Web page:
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9 Types of People Who Never Succeed at Work

Tuesday, October 30, 2018
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Social skills are becoming more critical than experience and knowledge for success in the workplace. Harvard economist David Deming studied workplace tasks from 1980 to the present day and found tasks that emphasize social skills grew by a whopping 24 percent, while those requiring technical know-how and intelligence experienced little growth. Deming also found that salaries increased the most for jobs that place extra emphasis on social skills.

With the increasing emphasis on social skills, people who lack them stand out like a zebra in a field of horses. We all know the different types: the co-worker who won’t stop talking when you’re trying to meet a deadline, the one who blatantly takes credit for your ideas, or the one who callously leaves you to pull an all-nighter to fix their mistake. The list goes on.

Social skills and self-awareness are matters of emotional intelligence (EQ), and TalentSmart’s research with more than a million people has shown that EQ is responsible for 58 percent of job performance. Those who lack EQ are at a significant disadvantage.

There are certain types of people whose lack of EQ harms their careers more than others. By studying them, you can avoid becoming one of them.

The Coward
Fear is an extremely powerful motivator. This is why presidential candidates tell people that their opponent will “destroy the economy” and advertisements warn that “smoking kills.” In the workplace, fearful people can resort to irrational and damaging behavior. Cowardly colleagues are quick to blame others or cover up important mistakes, and they fail to stand up for what is right.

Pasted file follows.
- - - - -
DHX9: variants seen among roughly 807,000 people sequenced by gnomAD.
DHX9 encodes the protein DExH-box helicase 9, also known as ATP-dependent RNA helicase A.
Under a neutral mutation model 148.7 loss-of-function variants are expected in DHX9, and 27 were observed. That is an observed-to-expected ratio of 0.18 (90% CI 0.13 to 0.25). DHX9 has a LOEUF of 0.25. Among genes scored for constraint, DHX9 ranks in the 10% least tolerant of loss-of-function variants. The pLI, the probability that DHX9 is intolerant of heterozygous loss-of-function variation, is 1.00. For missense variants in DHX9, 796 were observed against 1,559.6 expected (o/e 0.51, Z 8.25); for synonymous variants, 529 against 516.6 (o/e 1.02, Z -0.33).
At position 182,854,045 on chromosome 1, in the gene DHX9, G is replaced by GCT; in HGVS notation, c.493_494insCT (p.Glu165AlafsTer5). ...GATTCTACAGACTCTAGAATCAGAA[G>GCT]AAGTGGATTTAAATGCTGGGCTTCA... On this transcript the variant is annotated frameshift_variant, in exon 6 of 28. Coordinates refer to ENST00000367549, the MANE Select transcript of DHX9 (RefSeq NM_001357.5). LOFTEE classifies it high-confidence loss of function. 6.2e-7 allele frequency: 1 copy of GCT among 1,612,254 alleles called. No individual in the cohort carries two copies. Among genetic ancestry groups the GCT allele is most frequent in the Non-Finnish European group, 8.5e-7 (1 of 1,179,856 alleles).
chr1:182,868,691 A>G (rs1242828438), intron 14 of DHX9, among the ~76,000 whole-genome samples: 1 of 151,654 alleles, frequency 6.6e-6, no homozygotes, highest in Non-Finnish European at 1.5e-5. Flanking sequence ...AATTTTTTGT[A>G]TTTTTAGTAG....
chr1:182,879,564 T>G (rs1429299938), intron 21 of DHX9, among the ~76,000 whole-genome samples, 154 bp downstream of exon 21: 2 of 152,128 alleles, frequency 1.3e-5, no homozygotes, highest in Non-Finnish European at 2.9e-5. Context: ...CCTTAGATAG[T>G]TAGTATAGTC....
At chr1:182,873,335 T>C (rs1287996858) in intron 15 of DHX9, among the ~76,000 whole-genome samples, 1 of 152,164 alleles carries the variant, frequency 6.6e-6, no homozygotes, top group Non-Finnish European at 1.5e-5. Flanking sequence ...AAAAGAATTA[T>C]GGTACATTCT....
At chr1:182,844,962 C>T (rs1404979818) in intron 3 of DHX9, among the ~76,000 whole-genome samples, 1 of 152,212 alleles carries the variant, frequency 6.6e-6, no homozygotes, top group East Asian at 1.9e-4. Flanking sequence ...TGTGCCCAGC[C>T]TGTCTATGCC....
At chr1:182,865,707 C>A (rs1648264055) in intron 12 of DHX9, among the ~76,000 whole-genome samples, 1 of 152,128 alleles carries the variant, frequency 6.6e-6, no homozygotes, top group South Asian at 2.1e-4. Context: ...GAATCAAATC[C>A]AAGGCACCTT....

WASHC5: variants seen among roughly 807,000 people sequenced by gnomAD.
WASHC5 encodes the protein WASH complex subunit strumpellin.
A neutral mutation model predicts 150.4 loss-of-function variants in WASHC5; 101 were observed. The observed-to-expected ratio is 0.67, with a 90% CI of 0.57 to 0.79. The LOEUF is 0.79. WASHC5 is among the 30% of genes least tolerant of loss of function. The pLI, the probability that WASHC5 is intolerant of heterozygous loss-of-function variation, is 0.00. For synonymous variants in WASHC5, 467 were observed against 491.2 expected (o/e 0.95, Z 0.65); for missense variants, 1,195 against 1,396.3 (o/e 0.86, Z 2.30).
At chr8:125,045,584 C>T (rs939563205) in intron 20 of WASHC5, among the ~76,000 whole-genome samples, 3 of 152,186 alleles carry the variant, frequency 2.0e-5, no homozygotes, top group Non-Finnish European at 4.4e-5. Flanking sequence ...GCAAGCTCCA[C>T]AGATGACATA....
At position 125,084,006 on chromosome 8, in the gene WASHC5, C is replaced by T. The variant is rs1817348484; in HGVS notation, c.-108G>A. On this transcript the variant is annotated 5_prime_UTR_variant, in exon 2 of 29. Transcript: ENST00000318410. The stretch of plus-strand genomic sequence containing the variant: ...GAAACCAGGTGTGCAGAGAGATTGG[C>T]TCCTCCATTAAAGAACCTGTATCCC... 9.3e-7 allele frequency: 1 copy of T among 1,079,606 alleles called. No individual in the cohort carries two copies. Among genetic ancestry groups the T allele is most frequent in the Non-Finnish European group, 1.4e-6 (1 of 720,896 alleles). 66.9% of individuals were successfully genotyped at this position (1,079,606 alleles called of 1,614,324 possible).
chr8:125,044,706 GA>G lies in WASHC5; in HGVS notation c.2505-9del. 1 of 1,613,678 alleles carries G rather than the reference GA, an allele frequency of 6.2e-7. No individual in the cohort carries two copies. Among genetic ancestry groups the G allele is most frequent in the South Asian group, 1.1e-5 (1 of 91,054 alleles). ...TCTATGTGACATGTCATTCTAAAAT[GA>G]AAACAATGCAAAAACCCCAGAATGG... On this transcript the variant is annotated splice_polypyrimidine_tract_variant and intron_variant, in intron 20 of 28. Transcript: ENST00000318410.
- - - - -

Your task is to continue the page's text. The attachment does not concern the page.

The Dementor
In J. K. Rowling’s Harry Potter series, Dementors are evil creatures that suck souls out of people’s bodies, leaving them mere shells of humans. Rowling said she developed the concept for Dementors based on highly negative people—the type of person who has the ability to walk into a room and instantly drain the life out of it. Dementors impose their negativity and pessimism on everyone they encounter, and they can inject fear and concern into even the most benign situations.

The Arrogant
Arrogant people see everything you do as a personal challenge. Arrogance is false confidence, and it always masks major insecurities. A University of Akron study found that arrogance is correlated with a slew of problems in the workplace. Arrogant people tend to be lower performers, more disagreeable, and have more cognitive problems than the average person.

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The Group-Thinker
Group-thinkers choose the path of least resistance and are famous for propagating the “this is how we’ve always done it” mentality. Be careful if you find yourself getting brainwashed with what everyone else believes; the status quo never leads to greatness.

The Shortchanged
People who feel shortchanged are quick to blame their lack of accomplishment on a lack of opportunity. While a lucky break may put a little wind in a successful person’s sails, they likely got where they are through hard work. What shortchanged people don’t realize is that their attitude is defeating them, not their circumstances.